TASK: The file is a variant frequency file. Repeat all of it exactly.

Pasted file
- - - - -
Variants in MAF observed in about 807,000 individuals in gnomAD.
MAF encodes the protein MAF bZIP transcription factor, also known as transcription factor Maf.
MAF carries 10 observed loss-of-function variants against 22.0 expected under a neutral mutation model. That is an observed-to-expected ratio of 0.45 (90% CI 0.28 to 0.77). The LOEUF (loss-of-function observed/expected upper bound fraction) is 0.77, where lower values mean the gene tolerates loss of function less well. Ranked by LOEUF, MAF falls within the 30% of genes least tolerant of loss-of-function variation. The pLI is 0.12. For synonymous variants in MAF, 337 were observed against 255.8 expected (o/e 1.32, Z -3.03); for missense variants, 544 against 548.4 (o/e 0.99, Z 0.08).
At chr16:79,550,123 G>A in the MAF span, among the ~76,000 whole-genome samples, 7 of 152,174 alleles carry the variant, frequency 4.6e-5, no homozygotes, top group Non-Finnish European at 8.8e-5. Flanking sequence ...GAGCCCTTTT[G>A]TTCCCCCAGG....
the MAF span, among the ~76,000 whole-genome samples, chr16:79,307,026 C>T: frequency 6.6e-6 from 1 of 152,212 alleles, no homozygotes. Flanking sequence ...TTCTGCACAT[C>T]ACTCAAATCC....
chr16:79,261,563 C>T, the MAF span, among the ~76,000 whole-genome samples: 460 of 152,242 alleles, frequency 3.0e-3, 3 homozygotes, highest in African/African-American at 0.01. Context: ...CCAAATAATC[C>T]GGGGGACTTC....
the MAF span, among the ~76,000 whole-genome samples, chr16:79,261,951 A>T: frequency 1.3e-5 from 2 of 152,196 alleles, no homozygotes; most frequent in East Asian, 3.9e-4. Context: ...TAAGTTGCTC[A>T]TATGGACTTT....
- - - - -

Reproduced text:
Variants in MAF observed in about 807,000 individuals in gnomAD.
MAF encodes the protein MAF bZIP transcription factor, also known as transcription factor Maf.
MAF carries 10 observed loss-of-function variants against 22.0 expected under a neutral mutation model. That is an observed-to-expected ratio of 0.45 (90% CI 0.28 to 0.77). The LOEUF (loss-of-function observed/expected upper bound fraction) is 0.77, where lower values mean the gene tolerates loss of function less well. Ranked by LOEUF, MAF falls within the 30% of genes least tolerant of loss-of-function variation. The pLI is 0.12. For synonymous variants in MAF, 337 were observed against 255.8 expected (o/e 1.32, Z -3.03); for missense variants, 544 against 548.4 (o/e 0.99, Z 0.08).
At chr16:79,550,123 G>A in the MAF span, among the ~76,000 whole-genome samples, 7 of 152,174 alleles carry the variant, frequency 4.6e-5, no homozygotes, top group Non-Finnish European at 8.8e-5. Flanking sequence ...GAGCCCTTTT[G>A]TTCCCCCAGG....
the MAF span, among the ~76,000 whole-genome samples, chr16:79,307,026 C>T: frequency 6.6e-6 from 1 of 152,212 alleles, no homozygotes. Flanking sequence ...TTCTGCACAT[C>T]ACTCAAATCC....
chr16:79,261,563 C>T, the MAF span, among the ~76,000 whole-genome samples: 460 of 152,242 alleles, frequency 3.0e-3, 3 homozygotes, highest in African/African-American at 0.01. Context: ...CCAAATAATC[C>T]GGGGGACTTC....
the MAF span, among the ~76,000 whole-genome samples, chr16:79,261,951 A>T: frequency 1.3e-5 from 2 of 152,196 alleles, no homozygotes; most frequent in East Asian, 3.9e-4. Context: ...TAAGTTGCTC[A>T]TATGGACTTT....